“Never,” said Nance.

“Do you think there’s something wrong with her?” Adelina said. “Oh my God—is she sick?”

“Looks okay to me,” said Bernie.

The huge dark eyes shifted over to Bernie. For the first time that I’d seen, Princess began to move under her own power. Hard to describe it, exactly. Her little legs were going quite fast, a quick trot, you might call it, or even running, but she was hardly getting anywhere. She reached the edge of the tarmac—

“Not on the ground, Princess,” said Adelina. “It’s dirty.”

—and kept on, around a dusty thick-leaved plant—where I’d have lifted my leg, for sure, and almost to the Porsche. Princess gazed at it, then trotted back, her legs almost a blur. And her eyes: was that an anxious look I saw? I was almost feeling sorry for her—how crazy was that?—when she regained the tarmac and stopped near Bernie. Then, eyes right on him but expressionless now, at least as far as I could tell—she squatted.

“Good girl,” Adelina said.

A yellowish pool began to spread across the tarmac. It got bigger and bigger, shockingly so. The smell was—I’ll admit it— fascinating. But that wasn’t the important part. The important part was the fact of the yellowish pool expanding quickly, the lead edge closing in on Bernie’s shoes, black leather lace-ups with an interesting smell of their own, speaking of smells. We’ll save that for later. The point now was that growing lake on the tarmac and the way Princess kept her eyes on Bernie the whole time.

“A long flight,” Bernie said, stepping away.

Princess did something I’d never seen before. Still squatting, with no interruption of flow, she shifted, kind of like a crab, in his direction.

“I think she likes you,” Adelina said.

“Definitely,” said Nance.

“Well, um,” said Bernie, taking another step, raising one heel, and peering down at it: yes, damp.

At last Princess went dry. She straightened and stood still. For some reason, the tiny pink tip of her tiny tongue was sticking out, just barely.

“How about a treat for our little star?” said Adelina. “Any bacon bits?”

“I’m a little concerned about her weight,” Nance said, “so close to showtime and all.”

Her weight? There were dust balls under Bernie’s bed that weighed more than Princess.

“Just one won’t hurt,” Adelina said. “She’s had a hard day.”

Nance reached into her pocket, took out a bacon bit of a kind I’d never seen before, nice and thick. She approached Princess, hand out, smiling; Nance had very white teeth, big and even. Princess stayed still, putting in no more effort than letting her mouth fall slightly open as the bacon bit drew near. As for what got into me, how to explain? The facts are that suddenly I was airborne, in full flight, ears flat back; airborne and snagging that bacon bit right out of Nance’s hand at the exact moment of transfer, possibly knocking Princess over, but totally by accident. The whole thing was an accident, really. As for the bacon bit: delish. I tore across the runway, downed the bacon bit, skidded to a stop beside the plane’s big wheels and lifted my leg. No idea why and I didn’t absolutely need to go: but it felt good. And doesn’t everybody like feeling good? Or am I missing something?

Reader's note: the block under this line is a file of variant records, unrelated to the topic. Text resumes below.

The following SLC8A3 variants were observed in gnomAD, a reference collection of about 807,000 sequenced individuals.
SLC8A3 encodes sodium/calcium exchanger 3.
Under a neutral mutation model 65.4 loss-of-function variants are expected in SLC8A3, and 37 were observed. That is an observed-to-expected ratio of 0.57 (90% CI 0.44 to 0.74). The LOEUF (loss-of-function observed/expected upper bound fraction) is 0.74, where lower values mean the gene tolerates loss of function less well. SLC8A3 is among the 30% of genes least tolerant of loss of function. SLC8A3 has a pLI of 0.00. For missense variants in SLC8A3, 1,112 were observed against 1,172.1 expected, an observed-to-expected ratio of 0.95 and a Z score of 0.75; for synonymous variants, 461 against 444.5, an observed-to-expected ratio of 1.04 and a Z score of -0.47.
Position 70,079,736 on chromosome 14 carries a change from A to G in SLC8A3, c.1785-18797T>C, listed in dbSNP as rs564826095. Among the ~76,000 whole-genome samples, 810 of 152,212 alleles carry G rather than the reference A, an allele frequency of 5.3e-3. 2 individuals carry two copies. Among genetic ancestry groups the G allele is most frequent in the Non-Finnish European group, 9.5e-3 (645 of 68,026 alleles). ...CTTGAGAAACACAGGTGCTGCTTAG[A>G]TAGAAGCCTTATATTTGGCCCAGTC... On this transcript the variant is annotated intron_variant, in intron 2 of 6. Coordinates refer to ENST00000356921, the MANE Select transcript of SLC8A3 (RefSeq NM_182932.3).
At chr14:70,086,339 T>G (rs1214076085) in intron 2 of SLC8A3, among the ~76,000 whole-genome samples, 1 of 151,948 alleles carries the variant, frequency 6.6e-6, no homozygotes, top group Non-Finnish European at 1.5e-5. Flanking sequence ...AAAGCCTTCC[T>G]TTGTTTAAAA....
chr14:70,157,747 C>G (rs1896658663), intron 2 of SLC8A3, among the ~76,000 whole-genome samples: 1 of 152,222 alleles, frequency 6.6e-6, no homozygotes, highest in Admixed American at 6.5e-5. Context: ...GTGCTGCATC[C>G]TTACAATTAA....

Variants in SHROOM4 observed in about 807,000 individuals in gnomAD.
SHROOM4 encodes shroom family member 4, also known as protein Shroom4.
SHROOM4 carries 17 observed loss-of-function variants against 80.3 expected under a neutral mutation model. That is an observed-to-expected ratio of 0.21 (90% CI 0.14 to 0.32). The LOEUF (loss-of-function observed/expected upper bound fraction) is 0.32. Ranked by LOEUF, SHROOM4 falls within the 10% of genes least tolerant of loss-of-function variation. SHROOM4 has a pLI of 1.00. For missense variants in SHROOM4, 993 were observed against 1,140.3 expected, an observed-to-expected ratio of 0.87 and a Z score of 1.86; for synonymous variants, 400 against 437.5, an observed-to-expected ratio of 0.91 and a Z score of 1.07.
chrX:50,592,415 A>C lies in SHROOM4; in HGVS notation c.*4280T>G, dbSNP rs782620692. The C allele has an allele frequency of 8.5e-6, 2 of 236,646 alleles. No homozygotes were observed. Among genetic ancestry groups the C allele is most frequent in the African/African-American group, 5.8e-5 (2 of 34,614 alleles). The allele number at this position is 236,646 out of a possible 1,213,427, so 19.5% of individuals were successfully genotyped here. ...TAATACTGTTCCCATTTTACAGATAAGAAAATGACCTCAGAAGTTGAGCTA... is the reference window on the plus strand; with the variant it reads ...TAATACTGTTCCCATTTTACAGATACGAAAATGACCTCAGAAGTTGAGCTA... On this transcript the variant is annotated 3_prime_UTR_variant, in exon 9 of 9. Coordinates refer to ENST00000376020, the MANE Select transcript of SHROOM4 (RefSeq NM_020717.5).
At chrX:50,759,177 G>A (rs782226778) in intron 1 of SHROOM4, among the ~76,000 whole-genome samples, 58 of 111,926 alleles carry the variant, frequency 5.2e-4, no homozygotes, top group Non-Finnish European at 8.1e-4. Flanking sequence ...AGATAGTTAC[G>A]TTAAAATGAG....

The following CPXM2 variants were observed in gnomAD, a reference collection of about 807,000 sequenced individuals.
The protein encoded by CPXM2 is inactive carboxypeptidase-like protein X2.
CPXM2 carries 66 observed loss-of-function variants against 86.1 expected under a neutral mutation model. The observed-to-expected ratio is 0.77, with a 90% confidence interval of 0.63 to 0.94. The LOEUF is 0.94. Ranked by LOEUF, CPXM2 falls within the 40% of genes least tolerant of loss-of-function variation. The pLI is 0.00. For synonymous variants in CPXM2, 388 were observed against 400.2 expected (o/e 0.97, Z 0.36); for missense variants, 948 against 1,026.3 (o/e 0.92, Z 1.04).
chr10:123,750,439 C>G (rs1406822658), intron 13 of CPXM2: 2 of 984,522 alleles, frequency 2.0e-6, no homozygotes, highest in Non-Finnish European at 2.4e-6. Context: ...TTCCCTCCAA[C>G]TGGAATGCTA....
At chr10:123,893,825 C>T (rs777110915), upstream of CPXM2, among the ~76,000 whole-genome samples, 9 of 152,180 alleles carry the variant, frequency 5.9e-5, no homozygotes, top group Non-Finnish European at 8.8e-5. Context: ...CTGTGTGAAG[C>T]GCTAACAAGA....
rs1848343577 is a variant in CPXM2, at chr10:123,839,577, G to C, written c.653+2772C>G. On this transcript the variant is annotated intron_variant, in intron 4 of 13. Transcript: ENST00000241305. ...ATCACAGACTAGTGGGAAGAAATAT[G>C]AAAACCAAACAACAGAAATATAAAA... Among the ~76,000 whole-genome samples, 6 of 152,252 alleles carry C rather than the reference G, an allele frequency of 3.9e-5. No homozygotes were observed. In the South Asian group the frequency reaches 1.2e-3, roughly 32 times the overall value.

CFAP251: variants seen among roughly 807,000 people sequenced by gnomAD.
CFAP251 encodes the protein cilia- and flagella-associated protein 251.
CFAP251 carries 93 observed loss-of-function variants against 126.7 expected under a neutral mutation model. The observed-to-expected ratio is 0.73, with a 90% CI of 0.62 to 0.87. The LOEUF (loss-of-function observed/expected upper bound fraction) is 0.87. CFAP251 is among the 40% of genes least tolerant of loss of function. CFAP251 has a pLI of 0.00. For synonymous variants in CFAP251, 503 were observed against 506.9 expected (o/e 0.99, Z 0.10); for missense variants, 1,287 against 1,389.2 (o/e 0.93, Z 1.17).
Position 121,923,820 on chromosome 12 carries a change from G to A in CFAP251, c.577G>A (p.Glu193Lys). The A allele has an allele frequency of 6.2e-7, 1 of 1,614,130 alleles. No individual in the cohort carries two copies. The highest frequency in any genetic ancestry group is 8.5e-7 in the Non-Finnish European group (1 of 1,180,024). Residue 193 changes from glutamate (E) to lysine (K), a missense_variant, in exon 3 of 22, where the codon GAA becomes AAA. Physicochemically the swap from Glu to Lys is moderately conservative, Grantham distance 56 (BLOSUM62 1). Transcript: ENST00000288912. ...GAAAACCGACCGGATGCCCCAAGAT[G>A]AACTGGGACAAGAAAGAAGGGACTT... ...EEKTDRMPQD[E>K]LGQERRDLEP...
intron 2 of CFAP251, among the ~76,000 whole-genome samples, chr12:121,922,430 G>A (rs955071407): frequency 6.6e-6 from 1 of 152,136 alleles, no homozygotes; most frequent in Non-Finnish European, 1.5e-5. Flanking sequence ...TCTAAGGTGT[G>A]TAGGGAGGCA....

SIX

T
here have been times in my life when I’ve felt pretty bad. Take when a mobster named Gulagov had me locked in a cage; or the day Leda packed up Charlie’s things and took him away, except for some weekends and holidays; or way back when I was a puppy in this apartment run by a drug dealer who liked to give me a kick when things weren’t going well. But had I ever felt worse than I did on that runway, moments after that little bacon bit episode? I was out there by the plane, my leg still raised, when I heard Adelina say, “You’re fired.”

We drove away from the airstrip. I rode shotgun as always, but not sitting straight like normal, instead lying on the seat, curled up, my head against the door. An awkward kind of position, with my silver tags digging into my neck a bit, but I let them. We were off the case, and all on account of me. After a while Bernie reached over and adjusted the tags. Then he popped a CD into the player and soon we had Billie Holiday. Bernie loved Billie Holiday. He pressed a button until “If You Were Mine” came on. “If You Were Mine” was Bernie’s current favorite. He sang along—Bernie has a very nice singing voice, have I mentioned that?—and cranked up the volume for the trumpet part at the end.

“Don’t you just love that trumpet?” he said.

I did. I loved the trumpet. The sound of the trumpet did things to me.